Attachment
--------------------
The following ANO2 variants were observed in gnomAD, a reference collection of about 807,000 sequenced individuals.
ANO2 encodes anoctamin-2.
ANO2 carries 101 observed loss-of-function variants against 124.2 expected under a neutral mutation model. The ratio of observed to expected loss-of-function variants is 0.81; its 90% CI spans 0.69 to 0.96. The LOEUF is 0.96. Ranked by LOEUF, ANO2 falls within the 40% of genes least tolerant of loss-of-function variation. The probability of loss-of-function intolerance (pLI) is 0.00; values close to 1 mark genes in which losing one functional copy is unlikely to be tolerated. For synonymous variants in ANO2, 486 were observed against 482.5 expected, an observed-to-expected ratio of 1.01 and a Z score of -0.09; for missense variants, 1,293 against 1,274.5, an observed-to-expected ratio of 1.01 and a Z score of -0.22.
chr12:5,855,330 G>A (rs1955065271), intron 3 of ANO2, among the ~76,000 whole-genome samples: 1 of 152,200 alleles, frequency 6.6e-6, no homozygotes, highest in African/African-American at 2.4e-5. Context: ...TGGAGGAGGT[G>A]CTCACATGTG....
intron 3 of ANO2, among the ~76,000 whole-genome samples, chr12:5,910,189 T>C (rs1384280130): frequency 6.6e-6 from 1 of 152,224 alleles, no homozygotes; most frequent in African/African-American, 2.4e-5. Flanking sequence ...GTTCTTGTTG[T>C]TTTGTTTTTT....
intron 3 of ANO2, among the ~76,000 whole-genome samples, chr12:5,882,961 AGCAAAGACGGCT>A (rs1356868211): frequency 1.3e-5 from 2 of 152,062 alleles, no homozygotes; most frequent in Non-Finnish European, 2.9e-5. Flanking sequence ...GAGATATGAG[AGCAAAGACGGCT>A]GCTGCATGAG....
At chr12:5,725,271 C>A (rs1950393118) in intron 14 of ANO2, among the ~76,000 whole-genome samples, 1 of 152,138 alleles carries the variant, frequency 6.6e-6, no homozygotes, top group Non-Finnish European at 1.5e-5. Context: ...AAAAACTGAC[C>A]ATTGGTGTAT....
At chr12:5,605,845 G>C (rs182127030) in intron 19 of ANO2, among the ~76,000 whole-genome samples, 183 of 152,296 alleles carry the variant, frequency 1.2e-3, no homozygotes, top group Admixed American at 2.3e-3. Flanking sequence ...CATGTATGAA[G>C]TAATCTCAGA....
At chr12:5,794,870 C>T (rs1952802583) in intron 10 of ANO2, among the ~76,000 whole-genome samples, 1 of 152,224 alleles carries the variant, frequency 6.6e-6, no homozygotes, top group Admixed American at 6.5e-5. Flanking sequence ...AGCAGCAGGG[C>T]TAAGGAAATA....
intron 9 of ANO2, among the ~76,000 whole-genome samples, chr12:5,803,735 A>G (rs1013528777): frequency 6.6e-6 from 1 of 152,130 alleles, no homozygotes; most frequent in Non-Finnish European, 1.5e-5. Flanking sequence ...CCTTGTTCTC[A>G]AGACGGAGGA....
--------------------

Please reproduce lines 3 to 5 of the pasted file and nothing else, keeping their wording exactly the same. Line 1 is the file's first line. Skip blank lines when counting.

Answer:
ANO2 carries 101 observed loss-of-function variants against 124.2 expected under a neutral mutation model. The ratio of observed to expected loss-of-function variants is 0.81; its 90% CI spans 0.69 to 0.96. The LOEUF is 0.96. Ranked by LOEUF, ANO2 falls within the 40% of genes least tolerant of loss-of-function variation. The probability of loss-of-function intolerance (pLI) is 0.00; values close to 1 mark genes in which losing one functional copy is unlikely to be tolerated. For synonymous variants in ANO2, 486 were observed against 482.5 expected, an observed-to-expected ratio of 1.01 and a Z score of -0.09; for missense variants, 1,293 against 1,274.5, an observed-to-expected ratio of 1.01 and a Z score of -0.22.
chr12:5,855,330 G>A (rs1955065271), intron 3 of ANO2, among the ~76,000 whole-genome samples: 1 of 152,200 alleles, frequency 6.6e-6, no homozygotes, highest in African/African-American at 2.4e-5. Context: ...TGGAGGAGGT[G>A]CTCACATGTG....
intron 3 of ANO2, among the ~76,000 whole-genome samples, chr12:5,910,189 T>C (rs1384280130): frequency 6.6e-6 from 1 of 152,224 alleles, no homozygotes; most frequent in African/African-American, 2.4e-5. Flanking sequence ...GTTCTTGTTG[T>C]TTTGTTTTTT....